REGINA — Saskatchewan Premier Scott Moe is warning Regina city council there could be financial consequences if it restricts energy companies from sponsoring or advertising with the city. Council's executive committee voted Wednesday in favour of a motion that would ban fossil fuel producers and sellers from advertising or having sponsorship agreements for city operations. The motion must now go to the full city council for another vote. If approved, it would see non-renewable energy-based companies added to other types of firms or organizations that could compromise the city's reputation. Moe calls the motion passed by the executive committee "absurd" and thanked Mayor Sandra Masters and some other council members for voting against it. He says the motion is a hypocritical attack on the hardworking workers and employers that fuel Saskatchewan’s economy and fund important community initiatives through voluntary sponsorships. "Should this motion pass Regina City Council next week, our government will seriously consider the future of sponsorships to the City of Regina from provincial energy companies like SaskEnergy and SaskPower," Moe said Thursday in a release. "I would also note that the City of Regina receives about $29 million a year from the municipal surcharge on SaskPower bills and $4.3 million from the municipal surcharge on SaskEnergy bills. "If these Regina city councillors have such a strong aversion to accepting money from energy companies, I assume they will no longer want to receive these funds, which could instead be distributed to other Saskatchewan municipalities." The motion was brought forward by Coun. Daniel Leblanc, who said allowing such sponsorships implies acceptance, at the city level, of what the companies do. He said that contradicts council's moves to make Regina more environmentally sustainable. "We are concerned about the amount of carbon used in our city, I think it is similarly or more inconsistent for us to have buildings and parks named after fossil fuel corporations than it is to be named after a pack of smokes." LeBlanc said. (The Canadian Press, CTV) This report by The Canadian Press was first published Jan. 20, 2021 The Canadian Press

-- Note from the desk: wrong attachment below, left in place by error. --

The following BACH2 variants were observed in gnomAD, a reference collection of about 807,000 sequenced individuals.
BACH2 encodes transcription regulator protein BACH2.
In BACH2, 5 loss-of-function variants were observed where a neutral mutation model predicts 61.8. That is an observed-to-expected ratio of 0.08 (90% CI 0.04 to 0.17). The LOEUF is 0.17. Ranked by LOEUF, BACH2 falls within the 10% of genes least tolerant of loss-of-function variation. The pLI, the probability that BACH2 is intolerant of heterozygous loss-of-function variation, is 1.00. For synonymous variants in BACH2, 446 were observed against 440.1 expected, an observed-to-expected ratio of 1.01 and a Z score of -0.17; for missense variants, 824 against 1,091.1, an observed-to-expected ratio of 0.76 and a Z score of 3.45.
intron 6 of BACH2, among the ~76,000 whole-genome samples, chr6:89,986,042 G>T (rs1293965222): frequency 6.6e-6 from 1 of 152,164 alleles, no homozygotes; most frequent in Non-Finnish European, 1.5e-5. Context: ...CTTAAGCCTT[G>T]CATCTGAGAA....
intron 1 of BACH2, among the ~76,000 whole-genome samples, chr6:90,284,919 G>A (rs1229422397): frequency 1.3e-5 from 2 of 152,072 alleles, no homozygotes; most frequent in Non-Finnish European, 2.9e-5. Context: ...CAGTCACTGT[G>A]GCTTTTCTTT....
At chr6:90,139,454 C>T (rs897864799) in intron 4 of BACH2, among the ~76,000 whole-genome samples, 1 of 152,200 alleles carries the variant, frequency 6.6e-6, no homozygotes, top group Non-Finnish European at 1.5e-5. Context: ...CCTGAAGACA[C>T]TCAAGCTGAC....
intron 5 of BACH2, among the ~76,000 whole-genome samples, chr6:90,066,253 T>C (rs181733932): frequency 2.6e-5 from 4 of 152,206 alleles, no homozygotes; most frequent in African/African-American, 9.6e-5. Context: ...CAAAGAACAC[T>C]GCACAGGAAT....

As the COVID-19 vaccine program rolls out across the province and country, polls indicate most Canadians intend to get immunized. For the minority who remain uncertain – safety and effectiveness are cited as primary concerns – we gathered the most common questions and turned to scientists, experts, and reputable sources for answers. Do vaccines work? Yes. Every year, vaccines prevent people around the world from contracting dozens of infectious diseases and their variants, including, polio, hepatitis, measles, tetanus, tuberculosis and others. According to the World Health Organization, over the past century, billions of vaccinations have been administered globally, preventing 2 to 3 million deaths annually. The Pfizer-BioNTech and Moderna COVID-19 vaccines are both about 95 per cent effective at preventing symptoms, serious illness, and the development of COVID-19. Seasonal influenza vaccines typically have between a 40 to 60 per cent effectiveness. “When someone receives a vaccine, it stimulates our own body's immune system to produce antibodies to that antigen, that protein,” said Provincial Health Officer Dr. Bonnie Henry. The vaccine was developed so fast, is it safe? “The global community of scientists have collaborated in ways we never experienced before, with a single purpose in mind to develop a safe and effective vaccine for the world,” Henry said. “The greatest brains around the world were put to this process and to this task.” Each vaccine manufacturer had to demonstrate clear and substantial scientific and clinical evidence that the vaccines are safe, effective, and manufactured to the highest quality, she said. COVID-19 vaccine clinical trial results published in the New England Journal of Medicine on Dec. 10 indicated similar safety levels to other commonly administered virus vaccines. “Health Canada, and other regulators around the world, set the bar high to ensure that any vaccines that came out of this process met those standards, that they were safe, that they worked, and that they were quality vaccine,” Henry said. How long will I be immune after I get vaccinated? Immunity varies for different vaccines. Some provide immunity for years, some for a lifetime, and others, like influenza, for months. So far, the immunity levels have held steady for people who received the Pfizer and Moderna vaccines beginning with clinical trials last fall. “It's at least three to four months, which is good news,” said Henry. We won’t know the full length of immunity until more time passes. Can I still spread the virus after getting vaccinated? It’s not yet known whether people can shed virus after being immunized. Vaccines are effective tools against the spread of communicable disease. The COVID-19 vaccine will slow the spread of the virus by reducing the number of people who contract the disease and suffer severe illness, but it won’t eliminate the virus. “This disease appeared a year ago, and we've made so much progress in terms of knowledge about this disease in a year it is incredible,” said Dr. Caroline Quach-Thanh, a pediatric infectious disease physician who holds the Canadian Research Chair in Infection Prevention at the University of Montreal and is also Chair of the National Advisory Council on Immunization (NACI). “So yes, there are things we don't know, and I think it is important to acknowledge we don't know. But I don't think that that should stop people from getting vaccinated.” Will I still have to wear a mask after I’ve been immunized? Yes. While the vaccine is about 95 per cent effective at preventing the development of COVID-19, it’s not yet known if a vaccinated person can, subsequently, be an asymptomatic spreader of the virus, just as it’s unknown whether a person can be reinfected after contracting COVID-19 naturally. “That's why, it's still really important that everybody continues to wear masks, to clean their hands regularly, to take those measures that we know prevent transmission to droplets between people,” said Henry. COVID-19 isn’t as serious as public health is saying – why don’t we just let the disease die out naturally? “The risk of complication and death is just too high to let it run its course,” said Quach-Thanh. In Canada, as of Jan. 20, more than 725,000 people had been diagnosed with COVID-19 and 18,462 Canadians had died from the disease (including 1,004 people in B.C.) over the duration of the pandemic. Worldwide, more than 2 million people had died and more than 97 million had been diagnosed with COVID-19. By that date in the U.S., 24.4 million Americans had been diagnosed with COVID-19 and 405,000 people had died of it. Virginia Commonwealth University researchers called the COVID-19 mortality rate in the U.S. ‘calamitous,’ comparing it to having 15 Airbus jetliners carrying 150 people crash every day. Will the government make vaccinations mandatory? Neither Federal, nor British Columbian government officials have suggested mandating vaccinations. According to a recent Ipsos poll for Global News, however, 64 per cent of Canadians support mandatory vaccination, while 72 per cent said they would get vaccinated as soon as they could, including 88 per cent of British Columbians polled. Are the vaccine side effects worse than the disease? In Canada, side effects so far have been similar to mild flu symptoms, sometimes intensifying after the second dose, Quach-Thanh said. Common side effects include pain at the site of injection, body chills, fatigue or feeling feverish. These indicate a healthy immune system response and tend to occur within one to three days of inoculation, resolving within hours or a few weeks, according to Health Canada. As of Jan. 20, almost 700,000 COVID-19 shots had been administered in Canada, including almost 98,125 in B.C. By the same date, more than 55 million COVID-19 vaccine shots had been administered worldwide, according to Bloomberg’s vaccine tracker. “If something happens, we will hear about it, because the company has to report it to Canada,” said Quach-Thanh. Pregnant women, people with severe autoimmune conditions such as cancer patients, and people who have previously had severe allergic reactions to vaccines should consult a health practitioner before getting vaccinated. Can I get COVID-19 from the vaccine? “There is absolutely no way you can get COVID-19 from the vaccine. It is not possible,” said Dean Blumberg, chief of pediatric infectious diseases at University of California Davis Children’s Hospital in the school’s health bulletin. “None of the vaccines being developed use the live virus. There is nothing in the vaccine that could cause COVID-19.” Should I get vaccinated? “I think that if we are able to stop this pandemic, it will be due to the vaccine, otherwise, it will strain our lives like this for many, many, many years to come,” said Quach-Thanh. “The Pfizer and the Moderna vaccines are very effective at preventing symptoms, especially severe symptoms, and preventing people from hospitalization and dying from COVID,” said Henry. For more information, visit: BCCDC.ca or Canada.ca Fran@thegoatnews.ca / @FranYanor Fran Yanor, Local Journalism Initiative Reporter, The Rocky Mountain Goat